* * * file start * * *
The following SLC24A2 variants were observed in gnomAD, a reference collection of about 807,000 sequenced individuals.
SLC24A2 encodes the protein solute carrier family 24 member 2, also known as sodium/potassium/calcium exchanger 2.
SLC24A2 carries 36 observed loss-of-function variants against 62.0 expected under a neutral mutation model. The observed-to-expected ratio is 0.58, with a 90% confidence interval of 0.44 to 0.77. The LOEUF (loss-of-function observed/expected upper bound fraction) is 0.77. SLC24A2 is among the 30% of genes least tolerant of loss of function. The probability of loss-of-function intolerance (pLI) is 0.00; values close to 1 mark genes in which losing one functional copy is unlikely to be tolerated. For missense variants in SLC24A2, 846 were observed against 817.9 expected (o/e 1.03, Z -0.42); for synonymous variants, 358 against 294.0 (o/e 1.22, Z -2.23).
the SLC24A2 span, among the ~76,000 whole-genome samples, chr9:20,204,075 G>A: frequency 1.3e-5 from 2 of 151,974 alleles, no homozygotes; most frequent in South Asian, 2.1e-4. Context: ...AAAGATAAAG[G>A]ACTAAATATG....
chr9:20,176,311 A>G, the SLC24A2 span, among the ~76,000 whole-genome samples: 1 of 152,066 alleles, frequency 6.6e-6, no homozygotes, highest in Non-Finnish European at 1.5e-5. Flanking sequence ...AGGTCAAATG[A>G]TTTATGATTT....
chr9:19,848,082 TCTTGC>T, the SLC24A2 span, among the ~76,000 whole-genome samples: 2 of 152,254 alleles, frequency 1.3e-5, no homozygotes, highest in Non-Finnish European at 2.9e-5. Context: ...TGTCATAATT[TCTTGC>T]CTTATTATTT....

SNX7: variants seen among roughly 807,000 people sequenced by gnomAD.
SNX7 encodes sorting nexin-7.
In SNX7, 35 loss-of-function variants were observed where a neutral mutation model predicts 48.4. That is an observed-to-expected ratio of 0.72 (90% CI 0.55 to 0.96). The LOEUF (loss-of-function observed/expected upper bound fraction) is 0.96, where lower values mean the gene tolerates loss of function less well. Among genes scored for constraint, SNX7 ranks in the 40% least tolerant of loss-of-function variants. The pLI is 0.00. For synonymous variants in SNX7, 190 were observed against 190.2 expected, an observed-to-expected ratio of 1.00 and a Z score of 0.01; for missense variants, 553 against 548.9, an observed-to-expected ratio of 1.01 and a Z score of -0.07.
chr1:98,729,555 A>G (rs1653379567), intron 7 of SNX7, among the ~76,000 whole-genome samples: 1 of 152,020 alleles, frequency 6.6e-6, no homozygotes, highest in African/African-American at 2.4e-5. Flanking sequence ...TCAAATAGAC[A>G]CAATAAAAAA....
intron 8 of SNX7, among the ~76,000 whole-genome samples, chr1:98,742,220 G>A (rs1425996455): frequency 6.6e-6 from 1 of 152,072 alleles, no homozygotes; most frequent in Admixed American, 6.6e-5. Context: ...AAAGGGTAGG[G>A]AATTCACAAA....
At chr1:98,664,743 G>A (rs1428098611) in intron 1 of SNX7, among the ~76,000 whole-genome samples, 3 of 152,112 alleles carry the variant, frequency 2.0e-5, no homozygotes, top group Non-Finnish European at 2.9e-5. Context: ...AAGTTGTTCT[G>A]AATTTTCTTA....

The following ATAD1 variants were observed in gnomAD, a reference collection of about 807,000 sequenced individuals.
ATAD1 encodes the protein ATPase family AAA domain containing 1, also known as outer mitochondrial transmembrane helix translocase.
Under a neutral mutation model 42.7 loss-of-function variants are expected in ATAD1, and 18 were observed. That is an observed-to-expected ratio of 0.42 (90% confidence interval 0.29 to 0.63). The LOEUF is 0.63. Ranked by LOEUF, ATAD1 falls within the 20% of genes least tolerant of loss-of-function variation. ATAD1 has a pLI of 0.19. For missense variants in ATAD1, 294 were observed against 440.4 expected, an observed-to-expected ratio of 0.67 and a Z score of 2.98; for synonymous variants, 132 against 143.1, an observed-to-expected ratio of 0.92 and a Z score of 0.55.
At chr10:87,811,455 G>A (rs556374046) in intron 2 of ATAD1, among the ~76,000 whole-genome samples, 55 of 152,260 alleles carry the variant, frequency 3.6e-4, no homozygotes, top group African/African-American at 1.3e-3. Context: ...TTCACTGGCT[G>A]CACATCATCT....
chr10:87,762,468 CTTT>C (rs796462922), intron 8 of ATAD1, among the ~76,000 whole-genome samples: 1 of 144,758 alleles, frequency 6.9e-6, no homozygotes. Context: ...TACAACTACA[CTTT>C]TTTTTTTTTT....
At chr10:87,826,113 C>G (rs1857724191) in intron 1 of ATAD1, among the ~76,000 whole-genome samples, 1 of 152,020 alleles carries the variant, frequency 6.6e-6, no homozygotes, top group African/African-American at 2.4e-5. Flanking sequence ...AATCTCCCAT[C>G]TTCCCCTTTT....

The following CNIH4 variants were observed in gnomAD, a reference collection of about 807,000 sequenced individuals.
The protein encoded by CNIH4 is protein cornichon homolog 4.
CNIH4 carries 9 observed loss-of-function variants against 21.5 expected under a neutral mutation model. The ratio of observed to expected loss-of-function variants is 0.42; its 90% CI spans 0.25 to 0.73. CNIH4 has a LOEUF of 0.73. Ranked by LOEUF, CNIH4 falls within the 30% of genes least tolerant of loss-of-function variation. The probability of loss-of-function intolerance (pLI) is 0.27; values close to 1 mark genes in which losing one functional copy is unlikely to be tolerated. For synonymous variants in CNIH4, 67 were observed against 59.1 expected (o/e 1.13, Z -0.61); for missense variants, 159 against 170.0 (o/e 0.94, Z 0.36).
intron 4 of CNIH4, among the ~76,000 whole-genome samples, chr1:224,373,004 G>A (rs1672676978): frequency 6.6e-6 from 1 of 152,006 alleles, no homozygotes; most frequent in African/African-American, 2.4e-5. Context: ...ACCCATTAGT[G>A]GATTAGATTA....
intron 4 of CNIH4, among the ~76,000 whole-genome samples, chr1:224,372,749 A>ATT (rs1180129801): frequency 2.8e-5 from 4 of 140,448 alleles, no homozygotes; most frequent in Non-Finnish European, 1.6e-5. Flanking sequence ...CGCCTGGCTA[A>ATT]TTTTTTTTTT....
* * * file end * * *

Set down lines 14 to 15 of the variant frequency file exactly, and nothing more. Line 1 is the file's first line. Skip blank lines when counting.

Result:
ATAD1 encodes the protein ATPase family AAA domain containing 1, also known as outer mitochondrial transmembrane helix translocase.
Under a neutral mutation model 42.7 loss-of-function variants are expected in ATAD1, and 18 were observed. That is an observed-to-expected ratio of 0.42 (90% confidence interval 0.29 to 0.63). The LOEUF is 0.63. Ranked by LOEUF, ATAD1 falls within the 20% of genes least tolerant of loss-of-function variation. ATAD1 has a pLI of 0.19. For missense variants in ATAD1, 294 were observed against 440.4 expected, an observed-to-expected ratio of 0.67 and a Z score of 2.98; for synonymous variants, 132 against 143.1, an observed-to-expected ratio of 0.92 and a Z score of 0.55.